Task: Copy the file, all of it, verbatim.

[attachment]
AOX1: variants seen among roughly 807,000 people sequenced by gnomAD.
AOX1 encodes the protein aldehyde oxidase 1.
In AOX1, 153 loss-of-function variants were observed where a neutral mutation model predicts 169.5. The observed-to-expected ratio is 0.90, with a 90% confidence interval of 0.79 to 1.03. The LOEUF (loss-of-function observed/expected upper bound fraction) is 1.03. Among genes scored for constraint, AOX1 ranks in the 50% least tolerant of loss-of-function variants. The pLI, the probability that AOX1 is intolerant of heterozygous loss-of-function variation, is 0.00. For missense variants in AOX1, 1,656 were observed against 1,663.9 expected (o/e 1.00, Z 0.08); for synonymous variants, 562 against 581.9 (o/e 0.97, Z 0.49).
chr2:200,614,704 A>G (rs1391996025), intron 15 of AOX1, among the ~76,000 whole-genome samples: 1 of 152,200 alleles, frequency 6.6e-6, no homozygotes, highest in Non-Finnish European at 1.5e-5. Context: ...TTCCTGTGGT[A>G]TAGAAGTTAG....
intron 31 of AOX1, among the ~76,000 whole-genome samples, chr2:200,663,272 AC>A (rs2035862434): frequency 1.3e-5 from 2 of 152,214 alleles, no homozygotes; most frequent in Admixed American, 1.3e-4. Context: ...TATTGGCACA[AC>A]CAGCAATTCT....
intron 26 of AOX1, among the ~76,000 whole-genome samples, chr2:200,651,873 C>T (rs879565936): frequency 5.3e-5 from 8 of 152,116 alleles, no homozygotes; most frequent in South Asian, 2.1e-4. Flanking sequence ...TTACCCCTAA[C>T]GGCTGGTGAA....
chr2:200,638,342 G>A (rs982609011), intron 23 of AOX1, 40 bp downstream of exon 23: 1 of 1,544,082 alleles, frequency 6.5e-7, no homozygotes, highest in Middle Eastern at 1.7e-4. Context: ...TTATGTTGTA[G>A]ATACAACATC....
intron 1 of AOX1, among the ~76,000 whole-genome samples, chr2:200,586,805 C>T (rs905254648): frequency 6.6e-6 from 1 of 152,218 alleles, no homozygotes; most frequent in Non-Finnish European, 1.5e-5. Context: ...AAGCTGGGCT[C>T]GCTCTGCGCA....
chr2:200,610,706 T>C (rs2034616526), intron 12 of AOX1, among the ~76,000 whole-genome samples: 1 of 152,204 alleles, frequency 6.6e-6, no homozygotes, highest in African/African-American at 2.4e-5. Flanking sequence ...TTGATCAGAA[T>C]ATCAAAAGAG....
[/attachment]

AOX1: variants seen among roughly 807,000 people sequenced by gnomAD.
AOX1 encodes the protein aldehyde oxidase 1.
In AOX1, 153 loss-of-function variants were observed where a neutral mutation model predicts 169.5. The observed-to-expected ratio is 0.90, with a 90% confidence interval of 0.79 to 1.03. The LOEUF (loss-of-function observed/expected upper bound fraction) is 1.03. Among genes scored for constraint, AOX1 ranks in the 50% least tolerant of loss-of-function variants. The pLI, the probability that AOX1 is intolerant of heterozygous loss-of-function variation, is 0.00. For missense variants in AOX1, 1,656 were observed against 1,663.9 expected (o/e 1.00, Z 0.08); for synonymous variants, 562 against 581.9 (o/e 0.97, Z 0.49).
chr2:200,614,704 A>G (rs1391996025), intron 15 of AOX1, among the ~76,000 whole-genome samples: 1 of 152,200 alleles, frequency 6.6e-6, no homozygotes, highest in Non-Finnish European at 1.5e-5. Context: ...TTCCTGTGGT[A>G]TAGAAGTTAG....
intron 31 of AOX1, among the ~76,000 whole-genome samples, chr2:200,663,272 AC>A (rs2035862434): frequency 1.3e-5 from 2 of 152,214 alleles, no homozygotes; most frequent in Admixed American, 1.3e-4. Context: ...TATTGGCACA[AC>A]CAGCAATTCT....
intron 26 of AOX1, among the ~76,000 whole-genome samples, chr2:200,651,873 C>T (rs879565936): frequency 5.3e-5 from 8 of 152,116 alleles, no homozygotes; most frequent in South Asian, 2.1e-4. Flanking sequence ...TTACCCCTAA[C>T]GGCTGGTGAA....
chr2:200,638,342 G>A (rs982609011), intron 23 of AOX1, 40 bp downstream of exon 23: 1 of 1,544,082 alleles, frequency 6.5e-7, no homozygotes, highest in Middle Eastern at 1.7e-4. Context: ...TTATGTTGTA[G>A]ATACAACATC....
intron 1 of AOX1, among the ~76,000 whole-genome samples, chr2:200,586,805 C>T (rs905254648): frequency 6.6e-6 from 1 of 152,218 alleles, no homozygotes; most frequent in Non-Finnish European, 1.5e-5. Context: ...AAGCTGGGCT[C>T]GCTCTGCGCA....
chr2:200,610,706 T>C (rs2034616526), intron 12 of AOX1, among the ~76,000 whole-genome samples: 1 of 152,204 alleles, frequency 6.6e-6, no homozygotes, highest in African/African-American at 2.4e-5. Flanking sequence ...TTGATCAGAA[T>C]ATCAAAAGAG....